Since time immemorial, body piercing has been practiced by many cultures. Of all kinds of body piercing, ear piercing is the most popular, has cultural significance and certain health benefits as well. Navel piercing, on the the other hand, does not seem to be as common throughout history as ear or nose piercing. But that doesn't mean that belly piercing is only a recent craze. Certainly, it has been has been made popular by Hollywood stars and fashion supermodels.like Naomi Campbell and Christy Turlington in recent times but records of belly piercing do date back to ancient Egypt, where the royal family had pierced belly buttons and wore gold rings in their navels. Even Jacqueline Kennedy had one. Her belly-button jewelry is still on display today at the Kennedy presidential library.
However, if you are thinking about getting your belly pierced, don't count on a quick and problem free piercing. First and foremost, safety and hygiene should be at the top of the check list before you run out and grab a needle. There are significant risks whenever a needle meets skin: Bleeding, nerve damage in and around the piercing site, or an allergic reaction to the jewelry. There's also a risk of contracting a serious infection like hepatitis C, HIV or tetanus, particularly if the person doing the piercing has not taken necessary sterile precautions. The odds are sort of stacked against you. Moreover there are intrinsic problems with the location of the belly button. Your belly button is located right in the center of your body - now consider this - every time you bed forward, backward, or to the side, your belly button shifts and stretches. With a piercing, your belly button will still do all of these things, but there will be jewelry attached that has to go for the ride. New piercings especially do not like constant motion or bending and stretching; these actions do prolong healing. Friction from clothing with tight-fitting waistbands may also delay the healing process, irritating the skin surrounding the piercing and it is common for belly button piercings to take a year or more to fully heal.
Any piercing you get should be done in hygienic conditions, preferably by a professional. The technician should wash his or her hands, don gloves, and use a sterile needle - not a piercing gun - for the job. (try to observe some work in progress before you sit down for your own.) If the person doing the piercing wants to do it with a piercing gun, just leave the place. You should also do a little preparation about the type/kind of jewelry, that you will want to insert as your first piercing. This will ensure that you're making a considered choice about the new jewelry rather than a spur of the moment decision. Gold jewelry, particularly of 22 carats or more is the safest. If you aren't allergic to silver, you could even try that. Another good choice for a first time piercing is a steel navel ring, particularly if the steel is surgical steel. The steel is treated with a hypo-allergenic alloy to reduce the risk of infection and can look very stylish. At any expense, avoid cheap or flimsy body jewelry and focus on the quality instead of the design. You may also try this 20 Assorted Surgical Steel Belly Button Navel Rings from Amazon. The type of design also counts. A barbell is often recommended to be worn until the piercing has fully healed. Navel barbells/bananabells have more medical advantages as compared to ball closure rings. Barbells don't project to much outwards and the piercing hole is subject to less tearing. Bananabells are also easier to change since no special pliers are required to take the piercing out.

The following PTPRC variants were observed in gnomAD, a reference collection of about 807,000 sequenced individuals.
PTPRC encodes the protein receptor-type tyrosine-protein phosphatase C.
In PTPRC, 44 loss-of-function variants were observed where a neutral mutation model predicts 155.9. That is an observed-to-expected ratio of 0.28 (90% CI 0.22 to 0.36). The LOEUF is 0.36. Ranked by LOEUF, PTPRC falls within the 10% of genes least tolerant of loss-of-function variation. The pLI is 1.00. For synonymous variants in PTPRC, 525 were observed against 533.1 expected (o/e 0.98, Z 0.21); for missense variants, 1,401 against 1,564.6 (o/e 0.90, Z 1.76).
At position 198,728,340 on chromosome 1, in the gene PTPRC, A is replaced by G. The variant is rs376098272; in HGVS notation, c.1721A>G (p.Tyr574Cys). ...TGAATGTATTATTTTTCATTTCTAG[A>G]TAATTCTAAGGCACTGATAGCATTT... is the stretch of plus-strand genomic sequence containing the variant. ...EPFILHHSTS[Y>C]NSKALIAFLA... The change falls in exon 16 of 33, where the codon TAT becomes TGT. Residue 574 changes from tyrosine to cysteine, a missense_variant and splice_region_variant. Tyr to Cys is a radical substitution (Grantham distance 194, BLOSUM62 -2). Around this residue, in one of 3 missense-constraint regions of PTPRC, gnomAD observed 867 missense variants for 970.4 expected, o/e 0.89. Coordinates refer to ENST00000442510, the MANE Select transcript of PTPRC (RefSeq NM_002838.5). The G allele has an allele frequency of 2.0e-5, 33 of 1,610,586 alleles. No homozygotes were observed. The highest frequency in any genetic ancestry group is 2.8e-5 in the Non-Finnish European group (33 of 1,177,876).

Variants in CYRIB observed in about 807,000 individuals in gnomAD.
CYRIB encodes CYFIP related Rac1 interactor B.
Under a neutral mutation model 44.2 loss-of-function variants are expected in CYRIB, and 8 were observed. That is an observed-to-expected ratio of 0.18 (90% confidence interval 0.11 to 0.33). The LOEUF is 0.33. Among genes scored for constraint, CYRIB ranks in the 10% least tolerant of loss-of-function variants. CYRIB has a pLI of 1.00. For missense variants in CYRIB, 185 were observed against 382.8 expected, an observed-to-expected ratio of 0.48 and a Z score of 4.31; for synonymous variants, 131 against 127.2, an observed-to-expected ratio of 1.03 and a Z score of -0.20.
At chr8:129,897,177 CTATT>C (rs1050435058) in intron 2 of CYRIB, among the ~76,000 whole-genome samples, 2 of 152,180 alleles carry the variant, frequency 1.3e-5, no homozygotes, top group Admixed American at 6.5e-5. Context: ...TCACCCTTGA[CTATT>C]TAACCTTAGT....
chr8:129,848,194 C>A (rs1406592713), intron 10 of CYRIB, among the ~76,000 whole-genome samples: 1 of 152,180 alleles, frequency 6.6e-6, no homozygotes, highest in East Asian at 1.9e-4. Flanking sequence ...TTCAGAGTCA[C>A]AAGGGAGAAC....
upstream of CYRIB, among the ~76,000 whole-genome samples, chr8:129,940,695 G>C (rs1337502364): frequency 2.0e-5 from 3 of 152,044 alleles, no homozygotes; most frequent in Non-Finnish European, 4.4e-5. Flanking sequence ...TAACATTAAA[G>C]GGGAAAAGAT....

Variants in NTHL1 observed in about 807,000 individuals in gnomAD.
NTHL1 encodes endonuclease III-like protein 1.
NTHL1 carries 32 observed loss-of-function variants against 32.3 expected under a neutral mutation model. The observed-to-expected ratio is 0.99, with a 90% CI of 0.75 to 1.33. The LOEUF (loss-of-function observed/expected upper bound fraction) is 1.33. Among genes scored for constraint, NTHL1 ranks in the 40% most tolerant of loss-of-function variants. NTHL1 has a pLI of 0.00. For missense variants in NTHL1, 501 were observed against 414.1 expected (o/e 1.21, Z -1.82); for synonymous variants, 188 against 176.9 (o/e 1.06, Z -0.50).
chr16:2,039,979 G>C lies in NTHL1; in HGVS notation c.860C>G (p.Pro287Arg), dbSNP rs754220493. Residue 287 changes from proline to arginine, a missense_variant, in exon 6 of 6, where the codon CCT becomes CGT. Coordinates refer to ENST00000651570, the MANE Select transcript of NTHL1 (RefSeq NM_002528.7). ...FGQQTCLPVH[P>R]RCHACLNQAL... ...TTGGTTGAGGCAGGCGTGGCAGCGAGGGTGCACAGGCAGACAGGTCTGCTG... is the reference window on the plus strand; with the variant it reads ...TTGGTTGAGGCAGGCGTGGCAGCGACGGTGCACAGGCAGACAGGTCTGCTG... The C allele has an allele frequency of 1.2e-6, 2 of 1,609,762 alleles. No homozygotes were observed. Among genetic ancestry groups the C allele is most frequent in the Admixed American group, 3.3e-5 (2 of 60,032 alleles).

A Barbell A ball closure ring (BCR)
Curb your urge to to touch your new navel piercing at least in the initial days. The more you touch your piercing the more you will irritate it and the more likely you are to transfer harmful bacteria from your hands to your sensitive navel. If at all do have to touch it, be sure to wash your hands thoroughly with antibacterial soap like Dettol. Wear nonbonding clothing to speed healing and keep infections - and the chance of a nasty snag - at bay. A little pain, discomfort, blood, and discharge is common with new piercings; however, if you're experiencing any or all of those things in excess don't hesitate to call or visit your piercer immediately. If you feel that something is not right it's better to be safe than sorry. If you decide later to stop wearing the jewelry, most holes will close up over time, although there may be a small scar.
After weighing the pros and cons of navel piercing, if you strongly feel that the belly isn't exactly the best place for piercing, but would love to sport belly jewelry, then "fake" or "non-piercing" navel ring is just the thing for you. Anyone without a pierced navel can wear it.These belly rings are supposed to look just like the real thing, be pain free, and stay on with ease.Fake belly button rings typically have an arm that is attached to a spring and has a flat surface on the end that will press into the skin. Wearers will pull the movable arm back and hold the clip open. Then they will place the bottom or stationary arm inside the navel and press it to the back. After that, all they have to do is close the clip and their faux belly ring should look just like the real deal.It's safe, chic and the best part is you can change or remove it at will without any hassles. You can also choose from a wide variety of clip-on earrings and sport a different design/style each time. Here are some places to buy such jewelry online.
(Guest Post by Amy)